Nut Measurement Project

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In late 2019 the Australian Macadamia Society and the Australian Macadamia Handlers Association provided funding for a project using my nut measurement equipment for the purposes of crop forecasting. Early indicators of the upcoming crop are valuable because they allow the market to prepare in advance for ups and downs in the supply.

It had been noted that variations in the overall industry crop appeared to be correlated with the mass of individual nuts.

Yields v Mass Industry Yields v Mass Alstonville

In some ways this makes sense - if the total number of nuts stays roughly the same then you would expect that the total crop would be affected by the size of the nuts.

There is also a secondary effect concerning ‘kernel recovery’, the proportion of the nut that is edible kernel, which is also known to change from year to year. Again, if everything else stays more or less the same, any changes in kernel recovery should have an effect on overall volume of kernel.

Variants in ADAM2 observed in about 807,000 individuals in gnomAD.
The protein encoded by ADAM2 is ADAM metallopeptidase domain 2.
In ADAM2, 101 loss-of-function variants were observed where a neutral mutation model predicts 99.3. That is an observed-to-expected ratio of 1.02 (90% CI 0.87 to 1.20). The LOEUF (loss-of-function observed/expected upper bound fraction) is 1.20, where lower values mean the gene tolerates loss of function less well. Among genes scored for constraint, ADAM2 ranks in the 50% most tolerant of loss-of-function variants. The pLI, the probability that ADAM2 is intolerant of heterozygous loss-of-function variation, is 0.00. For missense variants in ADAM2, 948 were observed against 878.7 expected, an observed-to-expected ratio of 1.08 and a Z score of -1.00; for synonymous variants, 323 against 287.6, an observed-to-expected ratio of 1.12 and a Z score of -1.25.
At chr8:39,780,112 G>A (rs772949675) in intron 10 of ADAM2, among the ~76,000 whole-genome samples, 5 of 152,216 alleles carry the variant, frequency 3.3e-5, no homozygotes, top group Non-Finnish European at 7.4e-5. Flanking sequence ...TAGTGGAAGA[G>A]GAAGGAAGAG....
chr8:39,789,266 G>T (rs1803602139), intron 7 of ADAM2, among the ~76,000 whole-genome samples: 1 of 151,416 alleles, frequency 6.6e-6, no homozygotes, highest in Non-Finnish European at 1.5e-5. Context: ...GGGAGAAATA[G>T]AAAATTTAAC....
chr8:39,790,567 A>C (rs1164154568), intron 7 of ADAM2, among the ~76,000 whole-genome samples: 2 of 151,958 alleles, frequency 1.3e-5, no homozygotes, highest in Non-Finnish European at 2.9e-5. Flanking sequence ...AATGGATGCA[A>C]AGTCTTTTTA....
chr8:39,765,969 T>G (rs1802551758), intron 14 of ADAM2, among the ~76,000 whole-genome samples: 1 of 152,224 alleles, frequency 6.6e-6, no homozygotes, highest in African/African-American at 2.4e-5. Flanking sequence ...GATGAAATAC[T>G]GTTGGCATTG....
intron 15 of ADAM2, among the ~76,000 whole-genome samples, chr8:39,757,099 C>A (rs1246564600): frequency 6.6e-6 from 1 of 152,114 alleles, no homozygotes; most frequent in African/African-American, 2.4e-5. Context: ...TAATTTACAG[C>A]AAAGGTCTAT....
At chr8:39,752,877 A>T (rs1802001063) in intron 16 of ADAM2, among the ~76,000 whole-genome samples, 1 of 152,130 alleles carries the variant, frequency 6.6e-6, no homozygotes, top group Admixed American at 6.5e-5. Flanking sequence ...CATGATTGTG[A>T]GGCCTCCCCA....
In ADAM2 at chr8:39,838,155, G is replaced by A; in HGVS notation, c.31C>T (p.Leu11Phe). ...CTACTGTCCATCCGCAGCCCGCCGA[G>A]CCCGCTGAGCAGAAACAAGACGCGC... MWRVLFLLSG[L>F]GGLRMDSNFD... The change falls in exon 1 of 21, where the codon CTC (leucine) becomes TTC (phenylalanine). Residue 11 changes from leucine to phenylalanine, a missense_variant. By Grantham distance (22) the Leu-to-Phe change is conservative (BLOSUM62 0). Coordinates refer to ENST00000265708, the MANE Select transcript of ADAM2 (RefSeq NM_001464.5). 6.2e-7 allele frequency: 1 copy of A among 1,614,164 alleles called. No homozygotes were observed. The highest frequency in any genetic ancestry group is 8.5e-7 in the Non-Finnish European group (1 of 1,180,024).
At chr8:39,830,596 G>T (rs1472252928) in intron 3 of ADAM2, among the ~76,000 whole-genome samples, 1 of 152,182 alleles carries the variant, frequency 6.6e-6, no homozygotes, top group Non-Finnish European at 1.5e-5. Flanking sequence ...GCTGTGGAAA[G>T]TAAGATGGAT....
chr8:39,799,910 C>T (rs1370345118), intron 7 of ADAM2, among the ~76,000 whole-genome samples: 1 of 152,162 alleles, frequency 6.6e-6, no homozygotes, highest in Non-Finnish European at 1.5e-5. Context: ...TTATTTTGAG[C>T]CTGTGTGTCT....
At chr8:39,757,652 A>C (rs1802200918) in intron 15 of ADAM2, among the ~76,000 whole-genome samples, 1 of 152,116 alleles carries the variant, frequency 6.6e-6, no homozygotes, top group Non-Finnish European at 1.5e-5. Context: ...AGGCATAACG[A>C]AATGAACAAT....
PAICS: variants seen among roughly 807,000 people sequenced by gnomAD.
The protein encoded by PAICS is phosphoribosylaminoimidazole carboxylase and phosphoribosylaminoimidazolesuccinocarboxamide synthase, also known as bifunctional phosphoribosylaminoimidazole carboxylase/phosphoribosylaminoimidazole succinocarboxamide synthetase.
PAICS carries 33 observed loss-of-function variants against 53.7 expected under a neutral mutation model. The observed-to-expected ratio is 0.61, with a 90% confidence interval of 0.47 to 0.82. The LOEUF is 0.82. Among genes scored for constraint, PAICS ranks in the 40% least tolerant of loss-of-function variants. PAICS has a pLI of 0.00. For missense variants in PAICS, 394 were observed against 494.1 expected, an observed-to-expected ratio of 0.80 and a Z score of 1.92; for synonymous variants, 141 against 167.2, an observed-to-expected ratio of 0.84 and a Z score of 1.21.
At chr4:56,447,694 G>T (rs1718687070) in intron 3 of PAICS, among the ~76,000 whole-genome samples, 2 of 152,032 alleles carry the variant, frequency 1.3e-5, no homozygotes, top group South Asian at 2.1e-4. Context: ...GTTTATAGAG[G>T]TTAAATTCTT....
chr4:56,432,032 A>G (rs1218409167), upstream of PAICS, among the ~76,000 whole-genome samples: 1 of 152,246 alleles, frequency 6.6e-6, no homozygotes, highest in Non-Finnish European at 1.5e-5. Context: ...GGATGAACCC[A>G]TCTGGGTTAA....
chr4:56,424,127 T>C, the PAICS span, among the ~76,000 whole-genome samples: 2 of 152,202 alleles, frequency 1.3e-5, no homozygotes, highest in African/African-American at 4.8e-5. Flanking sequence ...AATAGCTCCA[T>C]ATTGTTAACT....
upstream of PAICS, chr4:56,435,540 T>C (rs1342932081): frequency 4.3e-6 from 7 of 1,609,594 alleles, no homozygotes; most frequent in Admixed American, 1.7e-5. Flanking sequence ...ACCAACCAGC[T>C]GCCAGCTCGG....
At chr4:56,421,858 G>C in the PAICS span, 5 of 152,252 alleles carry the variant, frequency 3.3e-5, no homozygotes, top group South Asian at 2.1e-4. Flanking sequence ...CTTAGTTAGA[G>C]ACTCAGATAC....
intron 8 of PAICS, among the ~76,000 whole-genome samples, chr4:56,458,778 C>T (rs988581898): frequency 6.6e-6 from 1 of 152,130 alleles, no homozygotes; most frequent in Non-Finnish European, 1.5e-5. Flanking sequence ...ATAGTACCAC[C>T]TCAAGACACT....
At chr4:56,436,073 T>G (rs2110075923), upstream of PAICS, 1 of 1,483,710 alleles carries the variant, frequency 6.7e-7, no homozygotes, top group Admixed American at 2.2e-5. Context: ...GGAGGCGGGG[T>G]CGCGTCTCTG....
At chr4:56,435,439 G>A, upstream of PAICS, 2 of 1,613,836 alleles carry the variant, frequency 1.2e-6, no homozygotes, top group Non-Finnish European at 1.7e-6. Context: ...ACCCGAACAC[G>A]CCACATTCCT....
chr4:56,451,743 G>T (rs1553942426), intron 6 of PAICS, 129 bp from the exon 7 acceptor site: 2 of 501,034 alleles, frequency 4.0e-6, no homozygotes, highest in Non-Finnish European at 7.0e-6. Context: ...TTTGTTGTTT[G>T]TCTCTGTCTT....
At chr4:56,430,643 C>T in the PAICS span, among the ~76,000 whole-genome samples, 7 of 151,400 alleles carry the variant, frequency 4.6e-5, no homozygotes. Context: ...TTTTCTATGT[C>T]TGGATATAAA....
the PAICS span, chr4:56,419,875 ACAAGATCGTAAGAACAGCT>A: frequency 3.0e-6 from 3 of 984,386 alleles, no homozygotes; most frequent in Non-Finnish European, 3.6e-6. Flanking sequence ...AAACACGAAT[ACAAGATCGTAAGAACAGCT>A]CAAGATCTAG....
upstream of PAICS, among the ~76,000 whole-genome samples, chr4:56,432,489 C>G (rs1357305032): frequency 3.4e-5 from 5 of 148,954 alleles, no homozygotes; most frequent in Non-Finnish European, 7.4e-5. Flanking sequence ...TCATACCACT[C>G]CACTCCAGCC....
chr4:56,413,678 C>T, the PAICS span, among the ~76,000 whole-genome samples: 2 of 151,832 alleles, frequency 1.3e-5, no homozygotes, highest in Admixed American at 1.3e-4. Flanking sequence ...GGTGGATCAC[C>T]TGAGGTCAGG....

Crunching the numbers from past years, this table estimates sources of variation in total crop.

Sources of Yiled Variation

It shows that between 50% and 80% of yield variation might be predicted by measuring nuts early in the season.

Fortunately the NIS Sorter/Scanner that I had been developing (see panel to left) could be modified to make a visual assessment of nut size and kernel recovery based on immature nuts in January/February, roughly four months before the main crop in May/June. Thus began the project.

Nut Measurement - 2021 Season Planning

For 2021 the plan is to move to an earlier sampling regime in January and also some trials testing the methodology in December.

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Nut Measurement - 2020 Season

The NIS Sorter/Scanner needed to be modified to do the measurements. For the 2020 season there wasn't a lot of time to get this done but a new device better suited to the task was ready in early January...

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